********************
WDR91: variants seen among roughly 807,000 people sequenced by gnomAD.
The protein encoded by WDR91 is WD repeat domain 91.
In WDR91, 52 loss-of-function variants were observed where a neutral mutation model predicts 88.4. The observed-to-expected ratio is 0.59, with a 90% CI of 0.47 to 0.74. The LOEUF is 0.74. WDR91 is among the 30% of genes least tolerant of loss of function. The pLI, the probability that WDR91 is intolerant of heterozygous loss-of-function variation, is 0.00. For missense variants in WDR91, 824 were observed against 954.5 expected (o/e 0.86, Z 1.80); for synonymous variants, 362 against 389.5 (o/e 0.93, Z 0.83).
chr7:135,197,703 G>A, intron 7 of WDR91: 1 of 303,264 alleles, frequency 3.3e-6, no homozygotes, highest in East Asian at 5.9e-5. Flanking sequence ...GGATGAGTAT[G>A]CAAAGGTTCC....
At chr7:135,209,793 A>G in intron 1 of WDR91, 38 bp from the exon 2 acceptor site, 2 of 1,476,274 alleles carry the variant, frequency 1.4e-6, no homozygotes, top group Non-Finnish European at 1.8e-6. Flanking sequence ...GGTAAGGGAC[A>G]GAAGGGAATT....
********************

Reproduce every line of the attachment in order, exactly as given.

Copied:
WDR91: variants seen among roughly 807,000 people sequenced by gnomAD.
The protein encoded by WDR91 is WD repeat domain 91.
In WDR91, 52 loss-of-function variants were observed where a neutral mutation model predicts 88.4. The observed-to-expected ratio is 0.59, with a 90% CI of 0.47 to 0.74. The LOEUF is 0.74. WDR91 is among the 30% of genes least tolerant of loss of function. The pLI, the probability that WDR91 is intolerant of heterozygous loss-of-function variation, is 0.00. For missense variants in WDR91, 824 were observed against 954.5 expected (o/e 0.86, Z 1.80); for synonymous variants, 362 against 389.5 (o/e 0.93, Z 0.83).
chr7:135,197,703 G>A, intron 7 of WDR91: 1 of 303,264 alleles, frequency 3.3e-6, no homozygotes, highest in East Asian at 5.9e-5. Flanking sequence ...GGATGAGTAT[G>A]CAAAGGTTCC....
At chr7:135,209,793 A>G in intron 1 of WDR91, 38 bp from the exon 2 acceptor site, 2 of 1,476,274 alleles carry the variant, frequency 1.4e-6, no homozygotes, top group Non-Finnish European at 1.8e-6. Flanking sequence ...GGTAAGGGAC[A>G]GAAGGGAATT....